Mentions: A. gambiae mosquitoes were maintained in standard insectary conditions (28°, 75–80% humidity, 12-hr/12-hr light/dark cycle). Larvae were raised in deionized water and fed finely ground TetraMin fish food. Embryo microinjection was performed essentially as described (Fuchs et al. 2013; Pondeville et al. 2014). Freshly laid eggs were directly aligned against the edge of a nitrocellulose membrane kept wet with overlaying filter paper soaked with demineralized water. A mix of plasmids totaling 400 ng/µl of DNA (0, 1 mM NaHPO4 buffer pH 6.8, 5 mM KCl, 60 ng/µl helper plasmid, and generally 85 ng/µl of each of four distinct transgenesis plasmids) was injected under a Nikon Eclipse TE2000-S inverted microscope using an Eppendorf Femtojet injector and TransferMan NK2 micromanipulator. Injections were performed using the compensation pressure of the device, which was kept at 6000 hPa to promote a constant moderate flow of the DNA solution out of the quartz capillary. Microinjected eggs were left undisturbed on the injection slides, which were placed diagonally in a container with 1-cm-deep demineralized water, the part of the filter paper most distant from the eggs was dipped in water so that eggs remained wet by capillarity (Figure 1). Adult mosquitoes that survived microinjection were separated according to sex and crossed en masse to an excess of fresh wild-type adults. Neonate progeny larvae from several successive gonotrophic cycles were screened by spotting groups of 50–80 onto the wells of a 24-well teflon-coated diagnostic slide (Erie Scientific, Menzel GmbH, Braunschweig, Germany) under a Zeiss Axiovert 200M fluorescence microscope. When a fluorescent larva was detected, it was carefully isolated from the remainder larvae with the cut tip of a P200 pipette.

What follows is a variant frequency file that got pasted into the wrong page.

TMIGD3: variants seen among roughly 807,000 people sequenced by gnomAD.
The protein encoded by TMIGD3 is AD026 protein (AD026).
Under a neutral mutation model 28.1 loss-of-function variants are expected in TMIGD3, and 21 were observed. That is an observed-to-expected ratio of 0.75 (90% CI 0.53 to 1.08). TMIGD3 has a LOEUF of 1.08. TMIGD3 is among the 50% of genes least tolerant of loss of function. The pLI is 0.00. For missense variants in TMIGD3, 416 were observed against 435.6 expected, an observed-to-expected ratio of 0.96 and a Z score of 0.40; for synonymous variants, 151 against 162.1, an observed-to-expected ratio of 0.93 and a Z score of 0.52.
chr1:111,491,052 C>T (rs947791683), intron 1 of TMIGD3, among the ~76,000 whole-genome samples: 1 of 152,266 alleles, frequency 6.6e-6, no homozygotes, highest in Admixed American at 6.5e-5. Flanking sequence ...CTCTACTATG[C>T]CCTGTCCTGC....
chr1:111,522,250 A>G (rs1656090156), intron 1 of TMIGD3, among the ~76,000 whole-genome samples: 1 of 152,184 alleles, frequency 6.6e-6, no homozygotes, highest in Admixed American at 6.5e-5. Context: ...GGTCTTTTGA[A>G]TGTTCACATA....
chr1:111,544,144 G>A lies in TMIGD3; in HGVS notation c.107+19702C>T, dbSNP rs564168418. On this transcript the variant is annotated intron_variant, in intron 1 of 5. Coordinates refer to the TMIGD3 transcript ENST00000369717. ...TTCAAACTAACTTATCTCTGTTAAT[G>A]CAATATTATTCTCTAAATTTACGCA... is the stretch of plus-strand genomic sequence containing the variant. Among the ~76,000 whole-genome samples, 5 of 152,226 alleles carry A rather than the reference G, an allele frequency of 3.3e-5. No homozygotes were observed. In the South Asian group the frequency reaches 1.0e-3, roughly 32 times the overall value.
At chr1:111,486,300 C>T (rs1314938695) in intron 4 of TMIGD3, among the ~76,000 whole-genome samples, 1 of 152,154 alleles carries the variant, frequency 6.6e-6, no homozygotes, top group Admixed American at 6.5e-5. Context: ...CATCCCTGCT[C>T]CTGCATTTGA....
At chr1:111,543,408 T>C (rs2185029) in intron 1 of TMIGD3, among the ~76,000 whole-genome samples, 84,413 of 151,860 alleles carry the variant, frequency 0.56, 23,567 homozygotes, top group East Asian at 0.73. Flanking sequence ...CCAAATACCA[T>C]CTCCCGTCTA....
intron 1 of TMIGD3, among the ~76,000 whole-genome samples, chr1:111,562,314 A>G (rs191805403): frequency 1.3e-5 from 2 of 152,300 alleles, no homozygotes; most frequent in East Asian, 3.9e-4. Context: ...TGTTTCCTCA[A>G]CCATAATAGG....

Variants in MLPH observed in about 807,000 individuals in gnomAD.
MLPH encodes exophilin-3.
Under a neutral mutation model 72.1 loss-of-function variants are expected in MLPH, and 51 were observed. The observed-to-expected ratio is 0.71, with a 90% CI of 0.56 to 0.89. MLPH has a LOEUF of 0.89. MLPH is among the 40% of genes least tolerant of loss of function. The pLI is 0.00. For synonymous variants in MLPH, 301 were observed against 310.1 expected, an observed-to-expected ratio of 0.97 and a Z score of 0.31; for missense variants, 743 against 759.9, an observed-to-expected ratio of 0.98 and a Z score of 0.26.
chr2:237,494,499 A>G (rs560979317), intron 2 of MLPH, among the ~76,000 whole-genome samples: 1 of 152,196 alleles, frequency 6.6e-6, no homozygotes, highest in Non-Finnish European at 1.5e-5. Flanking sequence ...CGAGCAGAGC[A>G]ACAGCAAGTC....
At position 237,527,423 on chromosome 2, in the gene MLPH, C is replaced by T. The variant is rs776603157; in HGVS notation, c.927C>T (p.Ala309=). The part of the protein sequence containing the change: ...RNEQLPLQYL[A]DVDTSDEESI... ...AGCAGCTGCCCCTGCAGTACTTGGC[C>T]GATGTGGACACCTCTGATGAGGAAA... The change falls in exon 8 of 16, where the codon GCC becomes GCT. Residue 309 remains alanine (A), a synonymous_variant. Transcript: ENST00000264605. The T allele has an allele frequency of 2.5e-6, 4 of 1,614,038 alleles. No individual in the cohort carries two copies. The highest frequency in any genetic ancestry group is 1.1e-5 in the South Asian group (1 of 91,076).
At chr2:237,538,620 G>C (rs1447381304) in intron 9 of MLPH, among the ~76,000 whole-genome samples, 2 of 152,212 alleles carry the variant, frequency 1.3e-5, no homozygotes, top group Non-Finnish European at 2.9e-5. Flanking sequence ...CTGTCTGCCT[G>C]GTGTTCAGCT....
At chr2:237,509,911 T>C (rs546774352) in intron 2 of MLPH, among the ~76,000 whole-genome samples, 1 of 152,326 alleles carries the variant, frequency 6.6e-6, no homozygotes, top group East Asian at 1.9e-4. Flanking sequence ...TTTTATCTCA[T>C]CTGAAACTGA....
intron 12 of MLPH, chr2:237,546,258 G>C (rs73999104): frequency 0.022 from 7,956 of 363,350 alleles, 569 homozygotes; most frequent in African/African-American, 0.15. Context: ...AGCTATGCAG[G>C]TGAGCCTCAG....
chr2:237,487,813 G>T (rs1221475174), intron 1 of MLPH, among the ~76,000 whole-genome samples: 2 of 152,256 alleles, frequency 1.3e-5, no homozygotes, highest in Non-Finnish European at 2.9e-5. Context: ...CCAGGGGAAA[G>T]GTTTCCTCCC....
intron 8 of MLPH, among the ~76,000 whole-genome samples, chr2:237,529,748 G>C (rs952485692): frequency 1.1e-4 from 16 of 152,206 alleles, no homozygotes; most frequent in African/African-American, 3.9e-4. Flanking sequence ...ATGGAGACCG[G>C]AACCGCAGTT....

Tools for Anopheles gambiae Transgenesis.